A university student wrote a 12,000-word dissertation on Rory Delap's long throw-ins, and it makes for a great read.
George Innes, a student of the University of Aberdeen, took to Twitter to pose with his MSc Applied Statistics dissertation, the title of which read: "Blissful Ignorance: the Butterfly Effect's place in Chaos Theory."
The description reads: "A theoretical study into how the two goals scored by Stoke City straight from Rory Delap's long throws in their 3-2 loss against Everton on the 14th of September 2008 directly led to Goldman Sachs and Morgan Stanley ceasing trading as investment banks on the 21st of September 2008."
George told SPORTbible: "Well I had actually chosen the title before having concrete, or should I say extremely tenuous, links between the two events.
"There were a few links I knew I could work from, but there was a bit of blind faith involved. I worked from the two events until I met somewhere in the middle."
He added that he believes the originality of the idea earned him some praise from his university tutors. "Luckily for them most of the content is numbers and theory that they work with daily," George added. "Had the 12,498 words been mainly praise for Delap's technique or about how [Phil] Jagielka's positioning for the own goal was to blame I'm sure they might have kicked up a fuss.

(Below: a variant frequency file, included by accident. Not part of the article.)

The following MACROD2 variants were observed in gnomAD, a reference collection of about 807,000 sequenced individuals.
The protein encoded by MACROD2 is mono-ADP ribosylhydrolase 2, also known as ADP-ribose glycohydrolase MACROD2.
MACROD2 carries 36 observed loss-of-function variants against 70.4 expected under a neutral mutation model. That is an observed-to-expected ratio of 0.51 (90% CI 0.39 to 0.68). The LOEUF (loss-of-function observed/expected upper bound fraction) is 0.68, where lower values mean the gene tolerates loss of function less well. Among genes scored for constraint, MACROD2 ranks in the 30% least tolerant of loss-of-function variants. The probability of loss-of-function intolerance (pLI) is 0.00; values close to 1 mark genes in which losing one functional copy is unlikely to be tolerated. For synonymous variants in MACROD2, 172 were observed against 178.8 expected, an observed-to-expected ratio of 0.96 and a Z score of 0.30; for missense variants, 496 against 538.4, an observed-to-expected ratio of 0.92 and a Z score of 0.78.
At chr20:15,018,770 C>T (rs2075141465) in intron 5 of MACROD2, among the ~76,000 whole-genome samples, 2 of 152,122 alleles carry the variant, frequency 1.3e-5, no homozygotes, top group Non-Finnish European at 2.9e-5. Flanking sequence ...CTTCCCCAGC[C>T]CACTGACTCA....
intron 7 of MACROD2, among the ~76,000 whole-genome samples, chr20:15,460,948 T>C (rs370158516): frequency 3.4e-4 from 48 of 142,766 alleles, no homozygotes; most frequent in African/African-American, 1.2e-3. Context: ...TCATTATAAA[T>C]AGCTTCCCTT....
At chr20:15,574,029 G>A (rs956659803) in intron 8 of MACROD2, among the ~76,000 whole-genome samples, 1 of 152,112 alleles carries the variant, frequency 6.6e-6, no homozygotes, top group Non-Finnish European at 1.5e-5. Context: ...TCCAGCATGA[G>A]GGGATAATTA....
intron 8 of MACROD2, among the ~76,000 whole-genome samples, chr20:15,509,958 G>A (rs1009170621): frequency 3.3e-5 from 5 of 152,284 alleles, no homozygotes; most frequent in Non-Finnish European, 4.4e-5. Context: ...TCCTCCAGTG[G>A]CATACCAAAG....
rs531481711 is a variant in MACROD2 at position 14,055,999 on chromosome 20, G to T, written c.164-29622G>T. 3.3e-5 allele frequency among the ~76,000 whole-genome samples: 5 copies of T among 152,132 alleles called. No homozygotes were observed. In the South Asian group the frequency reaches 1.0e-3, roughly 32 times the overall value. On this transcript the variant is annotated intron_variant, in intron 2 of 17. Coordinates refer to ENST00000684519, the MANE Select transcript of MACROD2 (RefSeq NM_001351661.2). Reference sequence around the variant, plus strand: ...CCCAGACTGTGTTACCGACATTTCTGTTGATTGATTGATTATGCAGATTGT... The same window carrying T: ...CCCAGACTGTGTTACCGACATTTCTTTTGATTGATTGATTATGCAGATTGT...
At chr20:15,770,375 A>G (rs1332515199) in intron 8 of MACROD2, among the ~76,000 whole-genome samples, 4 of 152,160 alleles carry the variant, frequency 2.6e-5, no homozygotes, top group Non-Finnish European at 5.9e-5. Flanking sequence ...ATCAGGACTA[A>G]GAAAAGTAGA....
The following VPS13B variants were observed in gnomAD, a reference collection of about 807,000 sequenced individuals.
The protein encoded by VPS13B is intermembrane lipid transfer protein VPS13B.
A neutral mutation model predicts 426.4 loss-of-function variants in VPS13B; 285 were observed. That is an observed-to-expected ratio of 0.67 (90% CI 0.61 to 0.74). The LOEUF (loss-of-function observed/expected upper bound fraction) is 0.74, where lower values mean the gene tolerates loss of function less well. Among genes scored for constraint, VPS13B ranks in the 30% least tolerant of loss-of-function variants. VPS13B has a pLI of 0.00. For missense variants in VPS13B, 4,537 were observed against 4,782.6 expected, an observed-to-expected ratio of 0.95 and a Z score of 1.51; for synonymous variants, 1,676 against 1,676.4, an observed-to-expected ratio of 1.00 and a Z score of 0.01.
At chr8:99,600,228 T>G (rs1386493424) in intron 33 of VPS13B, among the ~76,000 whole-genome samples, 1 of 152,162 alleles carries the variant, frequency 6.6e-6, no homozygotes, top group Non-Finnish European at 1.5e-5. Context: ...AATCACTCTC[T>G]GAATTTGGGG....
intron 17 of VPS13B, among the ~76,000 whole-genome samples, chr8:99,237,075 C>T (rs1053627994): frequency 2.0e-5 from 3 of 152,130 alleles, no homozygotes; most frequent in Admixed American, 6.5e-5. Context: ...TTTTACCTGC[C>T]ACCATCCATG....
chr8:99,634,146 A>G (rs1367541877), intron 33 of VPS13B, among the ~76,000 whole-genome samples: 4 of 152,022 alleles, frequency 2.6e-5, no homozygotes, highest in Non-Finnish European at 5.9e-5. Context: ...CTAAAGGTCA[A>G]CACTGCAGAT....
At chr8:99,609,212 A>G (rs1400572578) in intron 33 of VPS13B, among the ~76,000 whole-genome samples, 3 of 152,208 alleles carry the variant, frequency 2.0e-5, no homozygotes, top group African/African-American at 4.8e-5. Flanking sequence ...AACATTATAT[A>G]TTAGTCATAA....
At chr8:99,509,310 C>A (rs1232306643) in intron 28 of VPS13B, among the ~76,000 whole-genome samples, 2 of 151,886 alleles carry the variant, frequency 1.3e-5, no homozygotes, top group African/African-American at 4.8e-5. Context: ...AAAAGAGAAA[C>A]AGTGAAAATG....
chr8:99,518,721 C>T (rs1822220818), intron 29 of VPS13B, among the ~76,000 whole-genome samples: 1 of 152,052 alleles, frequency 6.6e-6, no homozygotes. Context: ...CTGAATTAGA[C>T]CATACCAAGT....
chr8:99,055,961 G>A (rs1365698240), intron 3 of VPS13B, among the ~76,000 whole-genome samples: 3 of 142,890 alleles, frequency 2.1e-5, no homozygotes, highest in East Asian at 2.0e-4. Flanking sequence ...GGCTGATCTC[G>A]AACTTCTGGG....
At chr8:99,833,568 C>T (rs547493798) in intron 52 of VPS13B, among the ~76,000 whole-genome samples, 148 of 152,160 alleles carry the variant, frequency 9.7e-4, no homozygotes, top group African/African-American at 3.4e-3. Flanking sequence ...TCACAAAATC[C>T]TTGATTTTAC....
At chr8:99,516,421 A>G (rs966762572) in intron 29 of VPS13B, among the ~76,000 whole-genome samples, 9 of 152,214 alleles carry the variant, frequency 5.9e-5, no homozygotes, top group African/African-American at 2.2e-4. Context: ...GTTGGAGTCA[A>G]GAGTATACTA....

"Even then though, I think they thought of it as quite original. Thankfully we had free reigns of the topic and subject and we've ended up here."
He revealed that he had other ideas for his dissertation but decided that Delap's time in the Premier League had "more of a pull".
"I'm a big football fan so when I had got my choices down to a few options I knew I wanted to write about it. It was also probably the most absurd," he explained.
"Another option was linking Staples opening their first British store in April of 1993 to a hotel in Scarborough getting swept into the sea by a landslide a few months later. In my opinion Rory Delap's long throws bringing the world economy to its knees was more of a pull."